Last month, Deb Butler was sworn in to the North Carolina House of Representatives to fill Susi Hamilton’s seat. As a Democratic newcomer to the General Assembly, Representative Butler has found one issue that drives lawmakers to reach across the aisle: the opioid epidemic.
Butler is sponsoring the Strengthen Opioid Misuse Prevention—or STOP—Act, a bipartisan bill that would allow for wider distribution of the overdose-reversal drug naloxone. But the STOP Act also comes with tighter supervision and stronger oversight for medical practitioners. Doctors would have to prescribe opioids electronically to reduce fraud, and check the Controlled Substance Reporting System database to see if a patient is getting opioids from other providers.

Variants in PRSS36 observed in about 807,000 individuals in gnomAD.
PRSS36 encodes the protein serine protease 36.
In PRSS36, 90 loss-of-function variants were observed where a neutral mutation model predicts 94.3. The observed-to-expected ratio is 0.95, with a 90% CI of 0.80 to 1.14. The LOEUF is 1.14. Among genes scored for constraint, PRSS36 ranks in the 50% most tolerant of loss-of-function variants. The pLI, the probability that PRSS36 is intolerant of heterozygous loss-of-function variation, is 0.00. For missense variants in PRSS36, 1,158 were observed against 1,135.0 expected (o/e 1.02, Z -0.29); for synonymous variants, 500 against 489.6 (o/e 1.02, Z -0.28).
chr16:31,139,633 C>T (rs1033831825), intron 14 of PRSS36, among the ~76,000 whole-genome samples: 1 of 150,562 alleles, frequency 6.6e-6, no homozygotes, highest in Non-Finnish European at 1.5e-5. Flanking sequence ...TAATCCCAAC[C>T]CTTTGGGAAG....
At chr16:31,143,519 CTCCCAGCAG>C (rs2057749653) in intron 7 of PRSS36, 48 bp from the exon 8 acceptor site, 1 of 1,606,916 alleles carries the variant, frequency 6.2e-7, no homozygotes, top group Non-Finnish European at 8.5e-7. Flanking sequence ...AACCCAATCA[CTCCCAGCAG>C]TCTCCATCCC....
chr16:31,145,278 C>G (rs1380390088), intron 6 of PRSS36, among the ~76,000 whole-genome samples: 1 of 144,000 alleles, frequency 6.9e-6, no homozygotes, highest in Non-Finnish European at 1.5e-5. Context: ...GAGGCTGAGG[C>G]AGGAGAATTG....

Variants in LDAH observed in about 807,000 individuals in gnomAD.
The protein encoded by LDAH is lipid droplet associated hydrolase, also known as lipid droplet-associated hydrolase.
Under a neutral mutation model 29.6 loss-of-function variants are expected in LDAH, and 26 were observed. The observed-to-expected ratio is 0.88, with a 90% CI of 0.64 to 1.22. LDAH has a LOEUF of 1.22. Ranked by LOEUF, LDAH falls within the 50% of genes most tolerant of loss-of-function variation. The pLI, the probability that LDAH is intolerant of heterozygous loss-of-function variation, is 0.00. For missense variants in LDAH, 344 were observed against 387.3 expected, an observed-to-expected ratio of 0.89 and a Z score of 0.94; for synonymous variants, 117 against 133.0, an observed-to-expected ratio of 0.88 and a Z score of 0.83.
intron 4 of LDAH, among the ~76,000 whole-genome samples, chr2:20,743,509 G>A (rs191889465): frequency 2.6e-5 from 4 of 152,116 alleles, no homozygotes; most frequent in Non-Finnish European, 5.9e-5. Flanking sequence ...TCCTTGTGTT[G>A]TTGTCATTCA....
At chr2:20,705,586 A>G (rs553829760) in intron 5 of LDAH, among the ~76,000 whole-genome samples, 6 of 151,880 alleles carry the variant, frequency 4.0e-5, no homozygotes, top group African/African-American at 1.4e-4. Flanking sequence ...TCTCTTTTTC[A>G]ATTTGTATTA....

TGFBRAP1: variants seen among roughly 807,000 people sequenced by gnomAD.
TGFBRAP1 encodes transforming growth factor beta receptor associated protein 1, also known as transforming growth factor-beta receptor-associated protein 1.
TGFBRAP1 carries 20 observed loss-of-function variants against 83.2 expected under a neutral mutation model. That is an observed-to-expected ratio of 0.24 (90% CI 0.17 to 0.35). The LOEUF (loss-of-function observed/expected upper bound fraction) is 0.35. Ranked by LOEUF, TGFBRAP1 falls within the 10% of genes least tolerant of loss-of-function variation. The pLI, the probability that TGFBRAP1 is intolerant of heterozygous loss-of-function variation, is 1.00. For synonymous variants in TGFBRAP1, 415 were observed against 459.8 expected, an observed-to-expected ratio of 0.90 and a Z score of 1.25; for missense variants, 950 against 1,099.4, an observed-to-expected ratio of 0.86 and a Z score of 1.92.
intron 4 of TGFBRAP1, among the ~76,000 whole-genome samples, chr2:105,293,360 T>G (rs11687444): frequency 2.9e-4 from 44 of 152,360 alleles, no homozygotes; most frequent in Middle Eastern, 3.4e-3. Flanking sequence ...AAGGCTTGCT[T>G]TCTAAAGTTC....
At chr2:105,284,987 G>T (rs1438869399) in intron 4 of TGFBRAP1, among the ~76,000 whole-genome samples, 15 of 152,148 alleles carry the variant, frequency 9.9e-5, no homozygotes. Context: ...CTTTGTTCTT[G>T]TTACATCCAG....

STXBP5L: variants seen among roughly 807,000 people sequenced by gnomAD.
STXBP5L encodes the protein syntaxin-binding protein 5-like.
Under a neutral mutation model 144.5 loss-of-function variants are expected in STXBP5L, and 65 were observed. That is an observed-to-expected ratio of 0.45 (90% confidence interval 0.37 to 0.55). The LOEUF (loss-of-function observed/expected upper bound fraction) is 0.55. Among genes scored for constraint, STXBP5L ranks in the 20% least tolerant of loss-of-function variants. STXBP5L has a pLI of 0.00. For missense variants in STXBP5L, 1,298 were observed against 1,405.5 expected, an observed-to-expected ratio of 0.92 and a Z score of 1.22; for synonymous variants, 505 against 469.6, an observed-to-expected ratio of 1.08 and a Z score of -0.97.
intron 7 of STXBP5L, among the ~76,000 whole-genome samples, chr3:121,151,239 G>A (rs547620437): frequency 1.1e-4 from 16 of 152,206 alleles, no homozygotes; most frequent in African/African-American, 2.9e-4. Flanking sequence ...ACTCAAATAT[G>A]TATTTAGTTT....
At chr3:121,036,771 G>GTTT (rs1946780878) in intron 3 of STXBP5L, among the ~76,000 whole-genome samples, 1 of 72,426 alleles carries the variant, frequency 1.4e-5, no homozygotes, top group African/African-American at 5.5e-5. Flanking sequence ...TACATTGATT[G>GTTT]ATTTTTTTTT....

Some doctors say they don’t need additional regulations burdening their medical practice. But Representative Butler says those requirements are just one part of a larger, multifaceted approach:
“Limiting prescriptions is just one component. It actually just requires they revisit the subject more frequently than possibly they would like, and it also limits how much medicine can be given for acute pain down to a five-day window rather than, I think, a ten-day [window], which has kind of been standard. We’ll see how effective it is. I’m a big believer of trying something and benchmarking it and seeing if it works. If it doesn’t work, let’s fix it.”
In Butler’s eyes, the most important aspect of the STOP Act is the ten-million-dollar appropriation in each of the next two fiscal years for community-based treatment and recovery services.
Be sure to listen to our full CoastLine interview with Deb Butler, which airs this Wednesday from noon to one o'clock, and then again on Sunday at 3 o'clock.